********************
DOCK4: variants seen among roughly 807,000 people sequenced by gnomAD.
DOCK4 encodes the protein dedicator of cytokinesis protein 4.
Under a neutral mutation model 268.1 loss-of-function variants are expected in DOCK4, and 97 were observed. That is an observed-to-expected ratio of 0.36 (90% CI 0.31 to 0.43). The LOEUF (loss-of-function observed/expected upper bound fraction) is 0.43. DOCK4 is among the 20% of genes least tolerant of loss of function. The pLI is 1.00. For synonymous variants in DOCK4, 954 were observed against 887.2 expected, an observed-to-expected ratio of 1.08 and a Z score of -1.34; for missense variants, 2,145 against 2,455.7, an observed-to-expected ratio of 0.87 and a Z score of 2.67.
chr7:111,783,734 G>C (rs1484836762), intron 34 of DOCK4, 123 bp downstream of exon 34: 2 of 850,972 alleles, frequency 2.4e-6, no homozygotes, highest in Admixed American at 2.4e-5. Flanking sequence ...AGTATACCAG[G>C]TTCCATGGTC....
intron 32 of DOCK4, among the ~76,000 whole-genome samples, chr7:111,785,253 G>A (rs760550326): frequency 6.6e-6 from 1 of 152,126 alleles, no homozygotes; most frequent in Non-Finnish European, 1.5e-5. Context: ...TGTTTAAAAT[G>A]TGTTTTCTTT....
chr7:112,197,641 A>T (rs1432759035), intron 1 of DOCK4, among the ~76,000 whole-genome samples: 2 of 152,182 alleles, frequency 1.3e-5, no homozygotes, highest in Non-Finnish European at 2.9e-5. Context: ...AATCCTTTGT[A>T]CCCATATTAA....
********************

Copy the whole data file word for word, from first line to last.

DOCK4: variants seen among roughly 807,000 people sequenced by gnomAD.
DOCK4 encodes the protein dedicator of cytokinesis protein 4.
Under a neutral mutation model 268.1 loss-of-function variants are expected in DOCK4, and 97 were observed. That is an observed-to-expected ratio of 0.36 (90% CI 0.31 to 0.43). The LOEUF (loss-of-function observed/expected upper bound fraction) is 0.43. DOCK4 is among the 20% of genes least tolerant of loss of function. The pLI is 1.00. For synonymous variants in DOCK4, 954 were observed against 887.2 expected, an observed-to-expected ratio of 1.08 and a Z score of -1.34; for missense variants, 2,145 against 2,455.7, an observed-to-expected ratio of 0.87 and a Z score of 2.67.
chr7:111,783,734 G>C (rs1484836762), intron 34 of DOCK4, 123 bp downstream of exon 34: 2 of 850,972 alleles, frequency 2.4e-6, no homozygotes, highest in Admixed American at 2.4e-5. Flanking sequence ...AGTATACCAG[G>C]TTCCATGGTC....
intron 32 of DOCK4, among the ~76,000 whole-genome samples, chr7:111,785,253 G>A (rs760550326): frequency 6.6e-6 from 1 of 152,126 alleles, no homozygotes; most frequent in Non-Finnish European, 1.5e-5. Context: ...TGTTTAAAAT[G>A]TGTTTTCTTT....
chr7:112,197,641 A>T (rs1432759035), intron 1 of DOCK4, among the ~76,000 whole-genome samples: 2 of 152,182 alleles, frequency 1.3e-5, no homozygotes, highest in Non-Finnish European at 2.9e-5. Context: ...AATCCTTTGT[A>T]CCCATATTAA....